Part of being successful is being organized enough to get things done. I’ve begun learning how to do this by incorporating a few things into my personal and business routines. First, I have a regular chore day. For me, it is Monday. It’s my first day off from the Inn each week after working 40 hours in 4 days, and I don’t schedule much for that day because I worked 16 hours every Sunday and need a bit of a break.
I do most of my cleaning on Mondays. Not that it’s much. Right now, until I find a bigger place that I like, I’m renting a room. On Monday’s I do a load of laundry, vacuum, do dishes, straighten up, clean the bathroom, and dust my desk. The whole process takes less than an hour, giving extra time for drying clothes. If there is more than one person in your household, chore charts will be helpful. (Chores really do teach children how to be responsible, as well as other important lessons.) But if you’re alone, a simple checklist will do. I’m at the point where I am so used to my schedule that I don’t even need a checklist, unless something needs to be added to my routine.
I also try to write for a couple of hours each Monday, and I do maybe 20 minutes of promotional stuff. Other than that, I’m relaxing the rest of the day – unless it is nice enough outside to take a walk. Then my day is made.
Tuesdays and Wednesdays are full of projects I wont bring to work with me my long weekend at the Inn. This is anything that I need my laptop for and things that will take too long to concentrate on at work. I also write a few hours each of these days.
Then I’m at the Inn. I have blog posts and promotional stuff to do, edits to do, and graphics to make. I also have newsletters I write. All of this gets done during my downtime at work. Winters provide me more downtime than our busy season, so I do get a fair amount of my own stuff done at my ‘day job’.
How am I getting things done so quickly?
Because I have a good idea what I am doing each day. And I’ve set in place a few practices that are really helping me. For example:
- I’ve come up with processes for a few of the things I don’t do often, typed them up, and filed them in an easy to find location. By always having these on hand, I save time figuring out how to do something that I haven’t done in months. This can save me anywhere from 5 to 30 minutes on things, making far less work for me in the long run.
- I am currently creating a folder on my laptop for each of my writing projects, past, present, and future. Each folder will contain all versions of the manuscript, the ebook cover, and all other graphics including social media stuff. This will make it easy for me to find everything when I need it, saving me time.
- Maybe the single most important (and time saving) thing I have done is come up with a general promotional plan for both my fiction and nonfiction books. I keep the master for each in Google Docs, so I can easily print one off when a new book is going to be published. Right now, these plans are 13 pages long. I’m always tweaking them, getting rid of things I find do not work and outdated items, and adding fresh ideas. Because everything I have to do to publish and promote a book is on these pages, I no longer have to think too much about it. I have a step-by-step plan that works pretty darn well.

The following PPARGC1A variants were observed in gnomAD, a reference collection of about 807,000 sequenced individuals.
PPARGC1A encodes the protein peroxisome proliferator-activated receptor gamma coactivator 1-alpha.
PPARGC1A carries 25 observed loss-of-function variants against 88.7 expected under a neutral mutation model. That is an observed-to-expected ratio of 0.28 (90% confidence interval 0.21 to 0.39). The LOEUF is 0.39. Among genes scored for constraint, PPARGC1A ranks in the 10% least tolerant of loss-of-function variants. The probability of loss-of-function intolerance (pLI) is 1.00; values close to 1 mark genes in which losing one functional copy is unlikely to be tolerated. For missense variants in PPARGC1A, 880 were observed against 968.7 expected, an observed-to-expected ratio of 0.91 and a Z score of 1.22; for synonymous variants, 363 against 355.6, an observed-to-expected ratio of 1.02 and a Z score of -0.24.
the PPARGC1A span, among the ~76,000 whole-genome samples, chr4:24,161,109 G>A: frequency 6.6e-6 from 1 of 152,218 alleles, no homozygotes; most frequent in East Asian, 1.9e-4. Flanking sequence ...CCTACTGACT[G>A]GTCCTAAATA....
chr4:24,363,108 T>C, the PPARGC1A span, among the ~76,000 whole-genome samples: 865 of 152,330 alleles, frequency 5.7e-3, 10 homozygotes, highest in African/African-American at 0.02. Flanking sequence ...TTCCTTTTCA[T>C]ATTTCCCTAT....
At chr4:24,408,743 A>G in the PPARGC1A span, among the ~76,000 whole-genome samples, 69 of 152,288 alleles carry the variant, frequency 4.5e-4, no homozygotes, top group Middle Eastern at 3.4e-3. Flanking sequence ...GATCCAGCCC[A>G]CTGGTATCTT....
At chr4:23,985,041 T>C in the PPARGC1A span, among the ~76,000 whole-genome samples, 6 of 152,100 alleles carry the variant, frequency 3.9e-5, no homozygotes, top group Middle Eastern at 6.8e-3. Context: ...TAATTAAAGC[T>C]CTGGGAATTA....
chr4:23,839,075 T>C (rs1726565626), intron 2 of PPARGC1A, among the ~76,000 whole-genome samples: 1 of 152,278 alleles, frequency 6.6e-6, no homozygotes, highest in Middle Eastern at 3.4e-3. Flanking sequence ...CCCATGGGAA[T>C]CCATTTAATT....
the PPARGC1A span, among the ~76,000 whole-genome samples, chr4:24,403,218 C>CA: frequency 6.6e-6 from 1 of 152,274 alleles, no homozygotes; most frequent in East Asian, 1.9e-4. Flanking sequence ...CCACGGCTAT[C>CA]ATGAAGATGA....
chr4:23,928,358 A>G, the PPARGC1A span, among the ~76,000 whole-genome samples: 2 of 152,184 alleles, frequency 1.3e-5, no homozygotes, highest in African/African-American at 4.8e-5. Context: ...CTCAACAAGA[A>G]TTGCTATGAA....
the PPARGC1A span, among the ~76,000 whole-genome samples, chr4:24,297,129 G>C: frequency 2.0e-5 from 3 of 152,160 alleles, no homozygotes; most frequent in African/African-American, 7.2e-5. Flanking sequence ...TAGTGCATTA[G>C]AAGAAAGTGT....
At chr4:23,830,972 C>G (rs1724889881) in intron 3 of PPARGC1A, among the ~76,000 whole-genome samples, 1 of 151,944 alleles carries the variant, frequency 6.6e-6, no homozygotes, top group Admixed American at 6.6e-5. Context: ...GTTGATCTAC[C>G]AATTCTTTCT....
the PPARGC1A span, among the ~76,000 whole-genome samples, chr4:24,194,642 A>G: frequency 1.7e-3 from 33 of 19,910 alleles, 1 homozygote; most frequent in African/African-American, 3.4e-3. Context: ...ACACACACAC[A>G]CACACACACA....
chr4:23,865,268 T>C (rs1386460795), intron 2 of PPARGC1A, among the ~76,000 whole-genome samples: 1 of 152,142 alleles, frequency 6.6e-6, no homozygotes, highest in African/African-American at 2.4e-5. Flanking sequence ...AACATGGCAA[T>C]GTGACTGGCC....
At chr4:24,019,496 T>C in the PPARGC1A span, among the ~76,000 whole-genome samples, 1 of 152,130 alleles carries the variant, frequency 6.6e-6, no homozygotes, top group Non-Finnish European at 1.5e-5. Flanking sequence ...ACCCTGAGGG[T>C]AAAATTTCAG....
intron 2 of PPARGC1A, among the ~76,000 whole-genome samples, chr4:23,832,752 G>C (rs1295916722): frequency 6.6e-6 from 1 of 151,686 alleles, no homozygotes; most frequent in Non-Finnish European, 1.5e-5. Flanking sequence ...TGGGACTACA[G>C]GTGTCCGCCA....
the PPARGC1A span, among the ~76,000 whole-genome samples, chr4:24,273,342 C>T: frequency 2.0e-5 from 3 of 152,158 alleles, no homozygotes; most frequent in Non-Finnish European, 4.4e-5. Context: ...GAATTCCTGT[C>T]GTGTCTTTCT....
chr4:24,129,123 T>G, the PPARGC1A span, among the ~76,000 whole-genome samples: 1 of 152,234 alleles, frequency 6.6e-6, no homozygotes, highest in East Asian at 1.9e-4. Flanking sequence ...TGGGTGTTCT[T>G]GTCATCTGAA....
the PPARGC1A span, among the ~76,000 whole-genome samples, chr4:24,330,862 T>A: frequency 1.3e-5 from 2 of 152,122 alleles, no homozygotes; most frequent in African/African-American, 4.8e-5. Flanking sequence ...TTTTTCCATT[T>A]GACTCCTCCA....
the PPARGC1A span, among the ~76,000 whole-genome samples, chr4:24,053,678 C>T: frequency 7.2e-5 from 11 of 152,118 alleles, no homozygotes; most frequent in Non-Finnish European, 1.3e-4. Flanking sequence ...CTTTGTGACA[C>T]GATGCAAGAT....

- I’m creating Social Media graphics for each of my books, sites, and my Facebook page for easy promotion. I’ll create a folder for each platform as well.
- I’ve written out my social media promotional plan for all of the books I’ve published so far, as well as for the sites and the Facebook page. It’s all scheduled in my planner so I know exactly when to promote each thing.
- I have been using a vision planner to plan every aspect of my writing, blogging, and more, and it’s saving me a huge amount of time. I spend less and less time on things each month, as I’m learning to me more organized.
- I have a journal for each blog and site, in which I write all of my ideas. I can easily grab a journal to see what I will blog about next, without having to waste time thinking about it.
- I’m beginning the process of reorganizing my files so I can quickly find what I need. All those little pieces of paper with notes will soon be gone. (Though I have actually organized a lot of these over the past couple of years.) I have three file boxes and have labeled them: Past Projects, Current Projects, and Future Projects. There is a file for each project, and sub-files for projects with multiple smaller projects.
Each new organizing method I try is saving me time, lessening the amount of work I do each week. And it’s wonderful! I’ve freed up so much time for work on this site and on my fiction ventures, and I’m having a lot of fun doing everything.
ACTIVITY: Take out your planning journal and start a new page titled ‘How can I Lessen My Workload’. Spend and hour or two brainstorming ideas while sipping tea in a favorite spot. Then, put one of those ideas into action each month. Start the first one today. Go ahead and schedule these things into your planner now.